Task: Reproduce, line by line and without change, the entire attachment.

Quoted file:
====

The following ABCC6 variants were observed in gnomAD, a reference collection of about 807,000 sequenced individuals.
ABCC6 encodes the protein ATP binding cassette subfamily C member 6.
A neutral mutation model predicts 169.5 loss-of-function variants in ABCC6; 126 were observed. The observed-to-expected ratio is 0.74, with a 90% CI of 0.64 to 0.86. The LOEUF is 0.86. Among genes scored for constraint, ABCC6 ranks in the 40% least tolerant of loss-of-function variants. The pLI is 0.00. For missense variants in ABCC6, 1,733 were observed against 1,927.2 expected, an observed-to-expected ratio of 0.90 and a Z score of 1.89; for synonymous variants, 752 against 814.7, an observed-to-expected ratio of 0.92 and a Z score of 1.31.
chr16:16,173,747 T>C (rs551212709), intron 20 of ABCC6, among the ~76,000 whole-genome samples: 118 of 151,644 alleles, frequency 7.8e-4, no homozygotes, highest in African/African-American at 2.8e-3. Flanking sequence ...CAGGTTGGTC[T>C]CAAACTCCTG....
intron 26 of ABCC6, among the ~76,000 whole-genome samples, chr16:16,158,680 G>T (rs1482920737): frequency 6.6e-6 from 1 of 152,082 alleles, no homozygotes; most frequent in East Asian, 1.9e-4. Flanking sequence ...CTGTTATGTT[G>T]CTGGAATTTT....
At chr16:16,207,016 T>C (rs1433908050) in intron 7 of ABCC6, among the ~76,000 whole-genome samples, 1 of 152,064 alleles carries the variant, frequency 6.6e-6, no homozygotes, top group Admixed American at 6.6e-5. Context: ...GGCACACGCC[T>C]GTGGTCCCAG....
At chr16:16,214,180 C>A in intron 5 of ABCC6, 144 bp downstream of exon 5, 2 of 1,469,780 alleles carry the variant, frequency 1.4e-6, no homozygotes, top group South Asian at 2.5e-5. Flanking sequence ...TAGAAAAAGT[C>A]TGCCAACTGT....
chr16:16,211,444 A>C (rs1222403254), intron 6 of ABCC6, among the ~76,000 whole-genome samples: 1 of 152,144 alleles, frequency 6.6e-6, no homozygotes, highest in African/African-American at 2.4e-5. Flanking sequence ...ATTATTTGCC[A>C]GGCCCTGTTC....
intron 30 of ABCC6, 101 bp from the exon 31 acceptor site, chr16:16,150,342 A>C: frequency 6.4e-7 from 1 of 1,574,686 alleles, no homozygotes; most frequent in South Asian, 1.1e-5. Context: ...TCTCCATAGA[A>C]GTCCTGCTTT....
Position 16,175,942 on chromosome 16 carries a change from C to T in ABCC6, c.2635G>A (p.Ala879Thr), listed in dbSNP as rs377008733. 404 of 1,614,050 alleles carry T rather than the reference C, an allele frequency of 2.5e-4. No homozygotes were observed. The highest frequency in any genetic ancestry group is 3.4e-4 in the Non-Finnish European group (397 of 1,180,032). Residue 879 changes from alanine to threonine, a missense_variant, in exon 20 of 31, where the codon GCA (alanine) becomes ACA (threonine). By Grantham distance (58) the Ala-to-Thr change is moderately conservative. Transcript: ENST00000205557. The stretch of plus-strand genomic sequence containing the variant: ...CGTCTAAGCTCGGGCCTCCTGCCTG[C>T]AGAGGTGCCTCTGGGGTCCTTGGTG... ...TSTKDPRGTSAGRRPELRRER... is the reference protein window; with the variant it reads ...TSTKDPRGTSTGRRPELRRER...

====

The following ABCC6 variants were observed in gnomAD, a reference collection of about 807,000 sequenced individuals.
ABCC6 encodes the protein ATP binding cassette subfamily C member 6.
A neutral mutation model predicts 169.5 loss-of-function variants in ABCC6; 126 were observed. The observed-to-expected ratio is 0.74, with a 90% CI of 0.64 to 0.86. The LOEUF is 0.86. Among genes scored for constraint, ABCC6 ranks in the 40% least tolerant of loss-of-function variants. The pLI is 0.00. For missense variants in ABCC6, 1,733 were observed against 1,927.2 expected, an observed-to-expected ratio of 0.90 and a Z score of 1.89; for synonymous variants, 752 against 814.7, an observed-to-expected ratio of 0.92 and a Z score of 1.31.
chr16:16,173,747 T>C (rs551212709), intron 20 of ABCC6, among the ~76,000 whole-genome samples: 118 of 151,644 alleles, frequency 7.8e-4, no homozygotes, highest in African/African-American at 2.8e-3. Flanking sequence ...CAGGTTGGTC[T>C]CAAACTCCTG....
intron 26 of ABCC6, among the ~76,000 whole-genome samples, chr16:16,158,680 G>T (rs1482920737): frequency 6.6e-6 from 1 of 152,082 alleles, no homozygotes; most frequent in East Asian, 1.9e-4. Flanking sequence ...CTGTTATGTT[G>T]CTGGAATTTT....
At chr16:16,207,016 T>C (rs1433908050) in intron 7 of ABCC6, among the ~76,000 whole-genome samples, 1 of 152,064 alleles carries the variant, frequency 6.6e-6, no homozygotes, top group Admixed American at 6.6e-5. Context: ...GGCACACGCC[T>C]GTGGTCCCAG....
At chr16:16,214,180 C>A in intron 5 of ABCC6, 144 bp downstream of exon 5, 2 of 1,469,780 alleles carry the variant, frequency 1.4e-6, no homozygotes, top group South Asian at 2.5e-5. Flanking sequence ...TAGAAAAAGT[C>A]TGCCAACTGT....
chr16:16,211,444 A>C (rs1222403254), intron 6 of ABCC6, among the ~76,000 whole-genome samples: 1 of 152,144 alleles, frequency 6.6e-6, no homozygotes, highest in African/African-American at 2.4e-5. Flanking sequence ...ATTATTTGCC[A>C]GGCCCTGTTC....
intron 30 of ABCC6, 101 bp from the exon 31 acceptor site, chr16:16,150,342 A>C: frequency 6.4e-7 from 1 of 1,574,686 alleles, no homozygotes; most frequent in South Asian, 1.1e-5. Context: ...TCTCCATAGA[A>C]GTCCTGCTTT....
Position 16,175,942 on chromosome 16 carries a change from C to T in ABCC6, c.2635G>A (p.Ala879Thr), listed in dbSNP as rs377008733. 404 of 1,614,050 alleles carry T rather than the reference C, an allele frequency of 2.5e-4. No homozygotes were observed. The highest frequency in any genetic ancestry group is 3.4e-4 in the Non-Finnish European group (397 of 1,180,032). Residue 879 changes from alanine to threonine, a missense_variant, in exon 20 of 31, where the codon GCA (alanine) becomes ACA (threonine). By Grantham distance (58) the Ala-to-Thr change is moderately conservative. Transcript: ENST00000205557. The stretch of plus-strand genomic sequence containing the variant: ...CGTCTAAGCTCGGGCCTCCTGCCTG[C>T]AGAGGTGCCTCTGGGGTCCTTGGTG... ...TSTKDPRGTSAGRRPELRRER... is the reference protein window; with the variant it reads ...TSTKDPRGTSTGRRPELRRER...